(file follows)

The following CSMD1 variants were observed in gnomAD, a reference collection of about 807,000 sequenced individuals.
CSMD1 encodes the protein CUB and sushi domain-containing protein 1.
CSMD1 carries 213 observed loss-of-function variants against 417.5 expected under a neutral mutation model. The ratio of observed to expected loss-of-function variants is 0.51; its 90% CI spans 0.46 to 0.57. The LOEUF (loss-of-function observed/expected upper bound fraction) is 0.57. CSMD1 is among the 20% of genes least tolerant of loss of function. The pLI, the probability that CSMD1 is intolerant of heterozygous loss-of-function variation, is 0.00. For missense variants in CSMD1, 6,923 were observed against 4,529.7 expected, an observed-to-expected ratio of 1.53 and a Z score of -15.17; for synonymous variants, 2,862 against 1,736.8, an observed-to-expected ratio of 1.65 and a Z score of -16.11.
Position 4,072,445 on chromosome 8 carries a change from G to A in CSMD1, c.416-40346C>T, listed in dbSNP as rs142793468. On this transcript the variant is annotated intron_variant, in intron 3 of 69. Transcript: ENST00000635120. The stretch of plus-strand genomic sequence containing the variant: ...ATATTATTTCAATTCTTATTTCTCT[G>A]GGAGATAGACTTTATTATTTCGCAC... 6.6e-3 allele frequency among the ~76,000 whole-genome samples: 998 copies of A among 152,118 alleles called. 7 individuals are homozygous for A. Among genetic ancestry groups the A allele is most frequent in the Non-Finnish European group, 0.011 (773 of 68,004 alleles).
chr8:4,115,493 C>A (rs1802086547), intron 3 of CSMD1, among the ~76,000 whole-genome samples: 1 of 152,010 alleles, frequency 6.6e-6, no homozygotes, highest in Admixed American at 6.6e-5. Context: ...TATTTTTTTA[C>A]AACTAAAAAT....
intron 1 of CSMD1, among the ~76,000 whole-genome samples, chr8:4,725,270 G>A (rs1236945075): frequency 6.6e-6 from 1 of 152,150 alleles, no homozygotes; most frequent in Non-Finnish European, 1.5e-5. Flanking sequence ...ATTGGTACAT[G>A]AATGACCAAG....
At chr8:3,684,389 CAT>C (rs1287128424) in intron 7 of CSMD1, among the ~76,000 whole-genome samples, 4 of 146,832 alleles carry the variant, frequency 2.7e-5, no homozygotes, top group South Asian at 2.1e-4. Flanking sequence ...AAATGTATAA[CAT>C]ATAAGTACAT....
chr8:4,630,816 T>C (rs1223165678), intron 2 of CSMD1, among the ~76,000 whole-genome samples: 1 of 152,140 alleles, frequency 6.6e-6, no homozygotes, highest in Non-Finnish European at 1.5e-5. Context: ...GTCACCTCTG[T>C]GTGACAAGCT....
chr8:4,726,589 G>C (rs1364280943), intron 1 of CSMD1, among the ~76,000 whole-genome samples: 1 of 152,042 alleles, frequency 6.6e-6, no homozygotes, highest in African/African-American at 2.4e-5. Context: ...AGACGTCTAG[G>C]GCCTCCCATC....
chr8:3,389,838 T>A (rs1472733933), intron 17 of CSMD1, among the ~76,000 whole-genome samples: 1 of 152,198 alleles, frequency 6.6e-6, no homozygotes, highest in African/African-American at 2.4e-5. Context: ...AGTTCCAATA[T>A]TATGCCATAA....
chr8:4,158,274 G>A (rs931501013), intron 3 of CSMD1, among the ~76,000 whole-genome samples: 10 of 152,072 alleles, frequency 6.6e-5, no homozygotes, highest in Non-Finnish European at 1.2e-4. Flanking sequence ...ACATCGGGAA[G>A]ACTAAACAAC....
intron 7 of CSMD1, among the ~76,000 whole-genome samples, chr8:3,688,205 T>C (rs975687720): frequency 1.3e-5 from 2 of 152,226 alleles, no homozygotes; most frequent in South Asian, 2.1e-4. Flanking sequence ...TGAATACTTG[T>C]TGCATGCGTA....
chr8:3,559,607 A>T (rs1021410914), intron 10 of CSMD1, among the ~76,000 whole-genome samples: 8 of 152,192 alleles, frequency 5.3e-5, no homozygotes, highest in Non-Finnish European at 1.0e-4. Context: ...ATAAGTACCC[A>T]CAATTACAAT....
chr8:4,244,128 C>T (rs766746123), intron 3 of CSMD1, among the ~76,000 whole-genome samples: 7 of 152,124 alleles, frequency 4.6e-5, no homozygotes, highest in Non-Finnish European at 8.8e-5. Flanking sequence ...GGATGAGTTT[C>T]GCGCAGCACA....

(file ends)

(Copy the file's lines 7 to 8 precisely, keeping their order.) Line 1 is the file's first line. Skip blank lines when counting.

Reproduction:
At chr8:3,684,389 CAT>C (rs1287128424) in intron 7 of CSMD1, among the ~76,000 whole-genome samples, 4 of 146,832 alleles carry the variant, frequency 2.7e-5, no homozygotes, top group South Asian at 2.1e-4. Flanking sequence ...AAATGTATAA[CAT>C]ATAAGTACAT....
chr8:4,630,816 T>C (rs1223165678), intron 2 of CSMD1, among the ~76,000 whole-genome samples: 1 of 152,140 alleles, frequency 6.6e-6, no homozygotes, highest in Non-Finnish European at 1.5e-5. Context: ...GTCACCTCTG[T>C]GTGACAAGCT....